impressionV of a sign or a name may be performed together f with the sealing; moreover, a foil, a ring, a hook or a ilexible projection in the form of a thread, a cord or a chain, may be connected with vthey netv by sealing. The projection may serve tohang up the soap enclosed in the net or to attach .the Asame to'the'faucet or the rear-wall of a Wash basin. In'.both' cases the removal of the soap is therebyy hindered. The exibleprojection may also be connected with the net merely .by knotting;l After use the soap enclosed Yinthe net is appropriatelyvhung on a hookV over the wash basin, the.' bath tub, the Wash trough or the soap dish,ipreferably yby a mesh inthe-net. The Water can thereby drip off and the greasiness usually arising when keeping the soap in a dish orithe like does not occur. The soap is always at hand, immediately ready vfor use,and is in a dry, hygienic and thus attractive state. T ovmeet the requirementfor immediate soaping effect, it usuallysuffices, in .particular with hard soaps, to enclose the same in a single net. In the' case-of soft soaps the net` can penetrate into the soap,.as mentioned, and stick to the same,- whereby ithe 'said effect-of the net is partially hindered from cominginto effect. In such casesV it is; appropriate to enclose the .soap in two nets. The outer net then assumes the said functions and the inner net prevents the penetration ofythe outer one.
Thel preparatiorrof the. soap yproduct according to the invention is effected such that the: soap per se is enclosed free for'movement from the start and that this condition is not only attained with the progressive reduction in size of the bar or bars arising from use of the soap. By the term free movement, it is meant that the soap or the net may easily be moved or adjusted into another position. The soap is advantageously enclosed in the net such that a wedge-shaped or arcuate gusset with a length of 1 to 5 centimeters is formed. The presence of projecting net parts with resilient properties, or such which stand away from the soap, as well as the free movement of the net and the soap may be considerai to be the principal causes for the increased lathering when using the soap.
Not only single bars of soap but also severay such bars may be enclosed in a net. For instance, several balls, cubes or rods of soap, which may have different colors to please the eye, may be enclosed in a net of the kind described. The intermediate spaces and the possibility of movement of the content of such nets promote lather- In FIGURES la, 1b, 1c, 3, 4, 5 and 6, nets are shown such as are obtained by extrusion of a thermoplastic according to German Letters Patent 1,109,131. FIG. 1a shows such a net in slack condition, FIG. 1b the same net extended to twice the size shown in FIG. la and FIG. 1c the said net extended to three times the size shown in FIG. la. The bar of soap is preferably enclosed in the net such that the latter assumes the shape according to FIG. lb. When the soap is being used, the net may alternately assume the shape illustrated in FIGS. 1a, 1b or 1c, whereby the lathering is equally promoted. FIGURE 2 shows a net such as is obtained by extruding and sealing monols, in accordance with British Letters Patent No. 836,555 and 836,556. Slight thickenings are present where the threads join. In FIGURE 3 the soap product of the invention is shown hung up and attached. In said FIGURE 3, 1 is a device for hanging up the soap, attached to the faucet by a loop means and having a hook 2, on which one mesh of the net is hung. The soap enclosed in the net is designated by 3, the arcuate gusset by 4 and the sealing joint by 5. The net is exibly attached for movement by a securing means 6 to the wall at 7. The securing means is sealed with the net ends at 8. In FIGURE 4 a soap enclosed in the net is illustrated, a ring 9 being attached to the net by sealing. The net is closed by .a welded seam 10. FIGURE 5 shows three soap balls 11, permanently enclosed in a sack, the one closure 12 of which is inside the net. FIGURE 6 shows an oval bar of soap 3 secured to an irremovable holder 13 in the manner usual in restaurant wash-rooms, the said holder being mounted on the wall or to any appropriate appliance present. The net slipped over the bar of soap 3 is drawn together and bound fast at the upper end 14 and sealed at the lower end 15 of the bar of soap, but is sufficiently loose and movable around the fixed piece of soap that an increased lathering is obtained in accordance with the method ofthe invention.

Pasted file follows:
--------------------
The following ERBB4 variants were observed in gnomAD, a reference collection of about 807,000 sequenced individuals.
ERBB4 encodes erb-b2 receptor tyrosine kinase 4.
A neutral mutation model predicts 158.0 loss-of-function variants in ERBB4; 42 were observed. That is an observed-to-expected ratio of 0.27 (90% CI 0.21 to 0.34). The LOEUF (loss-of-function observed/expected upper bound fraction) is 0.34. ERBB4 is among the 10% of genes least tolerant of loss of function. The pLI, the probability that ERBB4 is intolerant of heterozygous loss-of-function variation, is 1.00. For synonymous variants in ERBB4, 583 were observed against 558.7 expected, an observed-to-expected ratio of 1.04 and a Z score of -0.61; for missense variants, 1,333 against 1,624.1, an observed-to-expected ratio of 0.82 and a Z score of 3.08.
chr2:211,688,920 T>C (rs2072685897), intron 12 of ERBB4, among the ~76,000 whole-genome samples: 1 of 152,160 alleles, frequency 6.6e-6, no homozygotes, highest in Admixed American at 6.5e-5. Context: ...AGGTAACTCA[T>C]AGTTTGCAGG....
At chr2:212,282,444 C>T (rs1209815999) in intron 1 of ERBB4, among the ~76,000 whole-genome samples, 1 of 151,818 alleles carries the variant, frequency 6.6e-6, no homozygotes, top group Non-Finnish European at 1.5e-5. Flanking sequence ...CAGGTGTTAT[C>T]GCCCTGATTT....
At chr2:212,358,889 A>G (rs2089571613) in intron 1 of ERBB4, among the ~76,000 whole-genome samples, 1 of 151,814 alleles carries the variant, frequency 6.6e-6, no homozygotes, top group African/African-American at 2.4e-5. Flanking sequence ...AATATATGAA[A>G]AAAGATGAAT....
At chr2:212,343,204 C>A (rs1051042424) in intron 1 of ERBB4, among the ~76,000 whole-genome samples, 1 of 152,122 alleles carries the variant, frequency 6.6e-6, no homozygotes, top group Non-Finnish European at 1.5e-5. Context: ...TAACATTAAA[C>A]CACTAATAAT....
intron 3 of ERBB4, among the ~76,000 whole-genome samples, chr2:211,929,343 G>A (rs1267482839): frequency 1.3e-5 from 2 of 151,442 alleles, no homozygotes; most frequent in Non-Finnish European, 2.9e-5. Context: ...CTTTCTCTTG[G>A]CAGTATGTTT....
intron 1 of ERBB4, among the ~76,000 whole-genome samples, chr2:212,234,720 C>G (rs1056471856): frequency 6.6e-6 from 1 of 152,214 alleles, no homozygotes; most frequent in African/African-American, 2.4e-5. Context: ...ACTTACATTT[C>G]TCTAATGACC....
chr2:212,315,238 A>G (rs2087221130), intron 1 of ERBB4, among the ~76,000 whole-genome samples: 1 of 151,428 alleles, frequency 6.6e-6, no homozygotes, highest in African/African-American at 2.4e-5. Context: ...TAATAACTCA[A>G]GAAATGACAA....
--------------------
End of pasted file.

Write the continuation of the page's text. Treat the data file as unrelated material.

The following examples, which are illustrative bu-t not restrictive of the invention, demonstrate the surprising results of nets with the properties described and lead to the recognition that the following effects enter into consideration with respect to the lathering:
(l) On the basis of the rigidity and simultaneous exibility of the net, that is to say on the basis of the rebound properties, lather forms with the repeated llexing of the ends of the net or with the repeated pressure against the bar of soap of the parts of the net standing away from the soap.
(2) By the reciprocal movement of the soap on the hydrophobic, flat and smooth net, or in other words by the reciprocal movement of the net on the surface being cleaned, lather immediately forms.